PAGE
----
Food Labels Should Highlight Drawbacks, Not Just Benefits
“I’m high in sodium! I contain lots of sugar!” should be stamped on food labels across the country, if a new committee on food packaging and nutrition has its way.
Food companies should highlight the nutrients responsible for obesity, diabetes and heart disease in their products, said the committee of health and marketing specialists in its preliminary report released last week.
Professor Anusree Mitra, chair of Kogod's Marketing Department, was invited to join the Institute of Medicine committee, which is funded by Congress and supported by the FDA and CDC.
Along with her colleagues, she is reviewing existing front-of-package nutrition rating systems and symbols and recommending industry changes.
Last week, the committee proposed that labels should exclude information on positive nutrients, since including positive ingredients could encourage food companies to unnecessarily fortify their products to score points, according to a New York Times article on the report.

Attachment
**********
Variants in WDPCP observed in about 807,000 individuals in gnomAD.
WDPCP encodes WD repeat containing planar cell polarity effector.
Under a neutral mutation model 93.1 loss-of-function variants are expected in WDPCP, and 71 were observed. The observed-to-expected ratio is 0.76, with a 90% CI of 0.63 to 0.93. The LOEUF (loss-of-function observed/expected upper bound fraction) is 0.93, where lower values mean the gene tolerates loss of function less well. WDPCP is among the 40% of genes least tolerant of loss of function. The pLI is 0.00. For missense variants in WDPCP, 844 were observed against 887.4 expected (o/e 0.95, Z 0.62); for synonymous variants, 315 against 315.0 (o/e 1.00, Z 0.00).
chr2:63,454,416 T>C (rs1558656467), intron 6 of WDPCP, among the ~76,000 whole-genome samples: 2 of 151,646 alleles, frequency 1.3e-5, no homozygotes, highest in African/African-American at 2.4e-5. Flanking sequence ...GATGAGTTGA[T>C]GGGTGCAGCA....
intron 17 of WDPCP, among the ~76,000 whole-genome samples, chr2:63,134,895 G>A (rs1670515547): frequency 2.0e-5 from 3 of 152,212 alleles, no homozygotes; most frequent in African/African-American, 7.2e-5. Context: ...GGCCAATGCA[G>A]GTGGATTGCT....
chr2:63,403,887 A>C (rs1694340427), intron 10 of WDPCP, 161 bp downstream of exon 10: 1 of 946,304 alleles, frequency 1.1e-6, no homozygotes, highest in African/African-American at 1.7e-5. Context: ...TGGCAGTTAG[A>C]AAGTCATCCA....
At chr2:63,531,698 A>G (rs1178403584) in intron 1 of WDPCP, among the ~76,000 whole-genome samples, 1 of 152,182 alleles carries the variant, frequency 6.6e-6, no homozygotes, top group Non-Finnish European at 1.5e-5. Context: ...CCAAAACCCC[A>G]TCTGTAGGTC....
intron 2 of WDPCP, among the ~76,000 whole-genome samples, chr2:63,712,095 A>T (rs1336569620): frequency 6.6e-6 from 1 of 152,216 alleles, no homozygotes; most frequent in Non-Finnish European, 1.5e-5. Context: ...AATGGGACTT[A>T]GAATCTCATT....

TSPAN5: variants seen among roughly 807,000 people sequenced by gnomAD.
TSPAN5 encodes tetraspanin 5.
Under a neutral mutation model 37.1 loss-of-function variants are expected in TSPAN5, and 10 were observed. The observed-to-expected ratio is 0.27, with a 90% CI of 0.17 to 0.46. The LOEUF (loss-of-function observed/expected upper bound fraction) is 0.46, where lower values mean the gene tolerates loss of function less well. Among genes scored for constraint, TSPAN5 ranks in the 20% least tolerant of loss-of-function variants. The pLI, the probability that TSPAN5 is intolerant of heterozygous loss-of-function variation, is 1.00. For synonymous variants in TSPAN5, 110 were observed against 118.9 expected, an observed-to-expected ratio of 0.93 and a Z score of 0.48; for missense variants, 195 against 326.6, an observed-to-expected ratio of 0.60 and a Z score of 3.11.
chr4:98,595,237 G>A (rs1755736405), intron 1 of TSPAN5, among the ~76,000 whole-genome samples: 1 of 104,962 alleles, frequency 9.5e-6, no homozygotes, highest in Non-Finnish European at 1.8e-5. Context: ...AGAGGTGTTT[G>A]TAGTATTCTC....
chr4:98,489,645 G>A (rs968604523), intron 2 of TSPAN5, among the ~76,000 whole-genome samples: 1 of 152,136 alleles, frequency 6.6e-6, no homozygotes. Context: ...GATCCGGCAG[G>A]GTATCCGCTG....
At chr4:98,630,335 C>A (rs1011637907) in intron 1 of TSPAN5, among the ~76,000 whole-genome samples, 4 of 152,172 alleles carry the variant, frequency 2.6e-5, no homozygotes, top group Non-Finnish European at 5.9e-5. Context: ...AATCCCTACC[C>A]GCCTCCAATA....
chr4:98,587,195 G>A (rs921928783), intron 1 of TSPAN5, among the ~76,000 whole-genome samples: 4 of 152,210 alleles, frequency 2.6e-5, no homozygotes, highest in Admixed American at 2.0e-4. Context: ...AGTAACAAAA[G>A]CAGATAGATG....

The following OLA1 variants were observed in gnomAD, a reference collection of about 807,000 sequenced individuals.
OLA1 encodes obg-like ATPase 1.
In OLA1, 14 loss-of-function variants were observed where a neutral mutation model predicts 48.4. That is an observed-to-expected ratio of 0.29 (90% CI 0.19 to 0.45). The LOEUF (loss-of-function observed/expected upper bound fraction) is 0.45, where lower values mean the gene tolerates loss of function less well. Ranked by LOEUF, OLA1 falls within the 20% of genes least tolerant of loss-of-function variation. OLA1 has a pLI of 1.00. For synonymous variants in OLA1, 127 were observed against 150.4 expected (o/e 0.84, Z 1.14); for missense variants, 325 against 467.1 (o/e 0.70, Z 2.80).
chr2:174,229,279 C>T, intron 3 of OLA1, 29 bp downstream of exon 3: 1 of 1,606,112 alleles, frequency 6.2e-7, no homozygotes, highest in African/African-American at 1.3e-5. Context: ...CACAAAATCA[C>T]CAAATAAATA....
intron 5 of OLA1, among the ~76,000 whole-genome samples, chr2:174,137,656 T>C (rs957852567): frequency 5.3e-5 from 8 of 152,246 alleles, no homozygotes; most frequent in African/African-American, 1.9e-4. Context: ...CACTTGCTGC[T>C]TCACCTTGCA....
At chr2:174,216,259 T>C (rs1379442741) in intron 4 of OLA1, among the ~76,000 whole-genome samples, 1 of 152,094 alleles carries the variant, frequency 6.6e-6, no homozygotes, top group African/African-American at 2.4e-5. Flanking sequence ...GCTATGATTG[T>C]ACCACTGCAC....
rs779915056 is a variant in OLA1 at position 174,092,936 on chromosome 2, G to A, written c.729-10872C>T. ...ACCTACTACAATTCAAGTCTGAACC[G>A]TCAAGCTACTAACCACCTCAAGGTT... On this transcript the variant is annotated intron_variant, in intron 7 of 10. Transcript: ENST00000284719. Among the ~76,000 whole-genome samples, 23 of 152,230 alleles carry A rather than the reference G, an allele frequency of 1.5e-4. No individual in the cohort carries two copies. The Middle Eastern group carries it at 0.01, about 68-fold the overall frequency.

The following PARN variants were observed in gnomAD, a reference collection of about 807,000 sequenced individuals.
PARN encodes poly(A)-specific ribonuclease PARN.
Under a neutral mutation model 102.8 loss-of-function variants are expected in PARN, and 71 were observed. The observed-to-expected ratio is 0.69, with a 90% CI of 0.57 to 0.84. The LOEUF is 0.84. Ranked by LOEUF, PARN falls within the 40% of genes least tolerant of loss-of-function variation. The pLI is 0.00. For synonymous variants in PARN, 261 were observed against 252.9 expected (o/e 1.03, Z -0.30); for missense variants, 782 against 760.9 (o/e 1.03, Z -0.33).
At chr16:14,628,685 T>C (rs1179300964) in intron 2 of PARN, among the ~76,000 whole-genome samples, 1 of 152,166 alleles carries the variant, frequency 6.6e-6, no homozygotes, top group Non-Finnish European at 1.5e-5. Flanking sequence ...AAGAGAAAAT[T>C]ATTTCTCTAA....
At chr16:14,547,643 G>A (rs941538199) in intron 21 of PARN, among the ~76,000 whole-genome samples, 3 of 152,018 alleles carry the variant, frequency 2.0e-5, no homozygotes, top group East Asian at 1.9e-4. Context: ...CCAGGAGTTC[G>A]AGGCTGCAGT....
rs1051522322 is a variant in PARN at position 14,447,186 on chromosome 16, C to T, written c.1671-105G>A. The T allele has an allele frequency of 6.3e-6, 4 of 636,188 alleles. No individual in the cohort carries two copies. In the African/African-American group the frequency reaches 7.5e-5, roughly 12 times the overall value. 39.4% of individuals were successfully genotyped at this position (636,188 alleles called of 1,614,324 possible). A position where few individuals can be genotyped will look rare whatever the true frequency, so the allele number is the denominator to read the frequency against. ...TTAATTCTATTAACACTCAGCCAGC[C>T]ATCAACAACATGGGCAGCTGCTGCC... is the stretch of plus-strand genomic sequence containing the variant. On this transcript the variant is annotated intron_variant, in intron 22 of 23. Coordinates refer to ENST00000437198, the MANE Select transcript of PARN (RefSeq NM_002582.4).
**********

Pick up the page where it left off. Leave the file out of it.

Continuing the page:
Current food-labeling practices often stress healthier aspects of products, such as vitamins or fiber, and ignore the drawbacks, such as high sodium or sugar content. The practice has led to labels indicating products like sugary cereals or salty frozen dinners are “healthy” and sending mixed messages to consumers.
Instead, the members advocated for front-of-package food labels that provide information on calories, saturated fats, trans fats and sodium content, the nutrients closely related with obesity and chronic disease.
The committee will release another report next year offering formal recommendations for the FDA and Congress.